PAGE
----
WASHINGTON (TheBlaze/AP) — Orders to U.S. factories rose 2.1 percent in May, the Commerce Department announced Tuesday. April’s increase was revised higher to 1.3 percent from 1 percent.
Meanwhile, U.S. buyers snapped up new cars and trucks in June at a pace not seen since before the recession.
Most of the increase in factory orders in May was due to a big jump in volatile commercial aircraft demand. Businesses also ordered more machinery, computers, and household appliances.
A category of orders that’s viewed as a proxy for business investment plans — which excludes transportation and defense — rose 1.5 percent.
Manufacturing has struggled somewhat this year. U.S. factories have seen less demand for exports because of weaker global growth. And businesses reduced their investment in machinery and equipment in the first quarter.
The May report showed that orders for long-lasting goods, from power generation equipment to ships and boats, rose 3.7 percent in May. Orders for nondurable goods, including paper, chemicals and oil, rose 0.7 percent.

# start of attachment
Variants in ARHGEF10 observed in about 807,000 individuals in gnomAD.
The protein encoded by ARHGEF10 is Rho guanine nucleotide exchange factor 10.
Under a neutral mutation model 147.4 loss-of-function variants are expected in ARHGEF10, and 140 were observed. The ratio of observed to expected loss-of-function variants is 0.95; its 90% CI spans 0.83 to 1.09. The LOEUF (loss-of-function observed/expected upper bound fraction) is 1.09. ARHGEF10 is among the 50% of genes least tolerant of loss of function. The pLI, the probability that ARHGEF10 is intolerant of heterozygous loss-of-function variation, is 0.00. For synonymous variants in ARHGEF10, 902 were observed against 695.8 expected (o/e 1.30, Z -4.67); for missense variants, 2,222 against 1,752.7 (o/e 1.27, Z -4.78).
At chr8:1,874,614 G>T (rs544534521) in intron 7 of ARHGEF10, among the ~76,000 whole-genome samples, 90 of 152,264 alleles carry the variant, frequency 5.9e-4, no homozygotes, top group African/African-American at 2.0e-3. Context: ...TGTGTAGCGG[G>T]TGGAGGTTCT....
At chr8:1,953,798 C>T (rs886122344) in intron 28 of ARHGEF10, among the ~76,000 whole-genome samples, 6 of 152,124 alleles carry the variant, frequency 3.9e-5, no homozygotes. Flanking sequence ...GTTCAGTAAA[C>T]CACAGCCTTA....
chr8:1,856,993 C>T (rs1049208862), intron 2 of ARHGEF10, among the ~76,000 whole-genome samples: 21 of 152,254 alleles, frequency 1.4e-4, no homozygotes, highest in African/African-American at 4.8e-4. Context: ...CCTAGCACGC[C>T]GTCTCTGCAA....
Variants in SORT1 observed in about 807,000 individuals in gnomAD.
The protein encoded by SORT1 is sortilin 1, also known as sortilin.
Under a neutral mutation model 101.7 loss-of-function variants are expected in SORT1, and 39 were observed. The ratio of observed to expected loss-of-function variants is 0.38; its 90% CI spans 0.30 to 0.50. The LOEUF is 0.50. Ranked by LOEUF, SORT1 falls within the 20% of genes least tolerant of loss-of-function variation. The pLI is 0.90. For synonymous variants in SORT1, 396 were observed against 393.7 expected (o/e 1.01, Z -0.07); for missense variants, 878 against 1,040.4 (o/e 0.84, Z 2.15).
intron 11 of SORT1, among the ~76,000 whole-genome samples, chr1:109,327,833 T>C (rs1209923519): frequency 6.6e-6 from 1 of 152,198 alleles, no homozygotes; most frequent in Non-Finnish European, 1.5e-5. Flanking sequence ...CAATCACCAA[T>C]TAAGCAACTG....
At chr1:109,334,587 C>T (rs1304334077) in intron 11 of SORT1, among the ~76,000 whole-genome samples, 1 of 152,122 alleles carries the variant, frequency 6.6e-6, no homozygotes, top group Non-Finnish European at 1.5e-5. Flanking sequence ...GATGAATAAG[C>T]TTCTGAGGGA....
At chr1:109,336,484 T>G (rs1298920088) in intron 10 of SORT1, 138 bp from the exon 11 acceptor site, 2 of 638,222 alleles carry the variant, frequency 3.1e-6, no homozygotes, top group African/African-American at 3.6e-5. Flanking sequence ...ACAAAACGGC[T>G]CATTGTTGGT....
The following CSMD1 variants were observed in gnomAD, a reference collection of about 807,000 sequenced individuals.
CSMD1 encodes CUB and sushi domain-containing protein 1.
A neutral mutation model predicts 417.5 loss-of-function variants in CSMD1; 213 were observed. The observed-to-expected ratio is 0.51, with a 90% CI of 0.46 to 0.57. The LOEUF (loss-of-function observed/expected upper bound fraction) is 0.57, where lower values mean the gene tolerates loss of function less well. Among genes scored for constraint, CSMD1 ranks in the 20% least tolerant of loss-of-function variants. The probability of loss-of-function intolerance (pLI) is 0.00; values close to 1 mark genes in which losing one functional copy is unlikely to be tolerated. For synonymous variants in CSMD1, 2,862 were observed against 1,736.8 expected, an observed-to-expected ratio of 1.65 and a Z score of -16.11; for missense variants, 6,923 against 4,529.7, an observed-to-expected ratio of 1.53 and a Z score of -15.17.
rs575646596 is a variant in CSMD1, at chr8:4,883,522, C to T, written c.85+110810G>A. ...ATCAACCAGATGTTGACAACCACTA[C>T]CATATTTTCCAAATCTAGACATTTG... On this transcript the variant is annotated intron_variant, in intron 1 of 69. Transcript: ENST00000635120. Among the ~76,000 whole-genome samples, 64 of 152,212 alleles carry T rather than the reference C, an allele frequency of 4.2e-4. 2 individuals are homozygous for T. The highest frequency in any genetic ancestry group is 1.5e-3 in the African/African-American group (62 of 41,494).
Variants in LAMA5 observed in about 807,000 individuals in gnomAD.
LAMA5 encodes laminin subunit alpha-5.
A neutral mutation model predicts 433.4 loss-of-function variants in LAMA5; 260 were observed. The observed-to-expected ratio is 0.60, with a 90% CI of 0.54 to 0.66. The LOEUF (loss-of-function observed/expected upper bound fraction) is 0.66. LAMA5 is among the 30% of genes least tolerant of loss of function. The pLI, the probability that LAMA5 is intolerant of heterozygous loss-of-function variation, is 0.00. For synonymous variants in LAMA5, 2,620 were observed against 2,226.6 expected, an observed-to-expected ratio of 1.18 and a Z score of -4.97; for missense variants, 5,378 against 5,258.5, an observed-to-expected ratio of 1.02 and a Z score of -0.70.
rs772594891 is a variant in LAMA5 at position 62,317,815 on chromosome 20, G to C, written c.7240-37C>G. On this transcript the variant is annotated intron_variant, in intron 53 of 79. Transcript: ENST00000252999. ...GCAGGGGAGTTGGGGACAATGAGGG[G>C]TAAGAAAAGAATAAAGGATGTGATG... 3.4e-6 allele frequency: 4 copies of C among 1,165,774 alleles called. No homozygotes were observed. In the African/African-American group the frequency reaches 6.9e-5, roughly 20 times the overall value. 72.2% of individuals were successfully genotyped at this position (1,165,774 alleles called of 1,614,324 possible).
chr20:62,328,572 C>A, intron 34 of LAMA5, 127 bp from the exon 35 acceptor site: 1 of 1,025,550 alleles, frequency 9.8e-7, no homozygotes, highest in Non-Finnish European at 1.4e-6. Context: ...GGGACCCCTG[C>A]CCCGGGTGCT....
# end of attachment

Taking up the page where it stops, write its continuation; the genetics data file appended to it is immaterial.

Demand for commercial aircraft surged nearly 51 percent, after an 18.4 percent gain in April and a drop of 43.3 percent in March.
Orders for autos and auto parts fell 2 percent, after jumping 4.1 percent in April. Still, the decline is likely temporary.
U.S. automakers on Tuesday reported healthy sales gains in June. Ford Motor Co.’s sales soared 13 percent in June compared with a year earlier. Chrysler’s sales rose 8 percent.
Continuing demand for big pickups helped boost sales for Detroit’s automakers.
Japanese automakers reported solid gains as well. Nissan’s sales jumped 13 percent, while Toyota’s and Honda’s each rose 10 percent. South Korea’s Hyundai reported a record June, with sales up 2 percent.
Only Volkswagen’s sales dropped 3 percent, the third straight monthly decline for the German car company as some products like the Jetta start to age.
The overall gain in factory orders follows another report that shows manufacturing activity picked up in June. The Institute for Supply Management’s index of manufacturing activity rose to 50.9 from 49. Any reading above 50 indicates expansion.
The ISM index showed that new orders and production both jumped. But a gauge of employment fell sharply, suggesting factories cut jobs for the fourth straight month.
The U.S. economy expanded at only a 1.8 percent annual rate in the first quarter of 2013, the Commerce Department said last week. That was much slower than its previous estimate of a 2.4 percent rate.
The main reason for the downgrade was consumers spent less on services than initially thought. Spending on long-lasting factory goods, such as cars and appliances, was stronger.
Economists expect growth remained tepid in the April-June quarter. Most estimates range between a rate of 1.5 percent and 2 percent.
Trading was mostly lower Tuesday:
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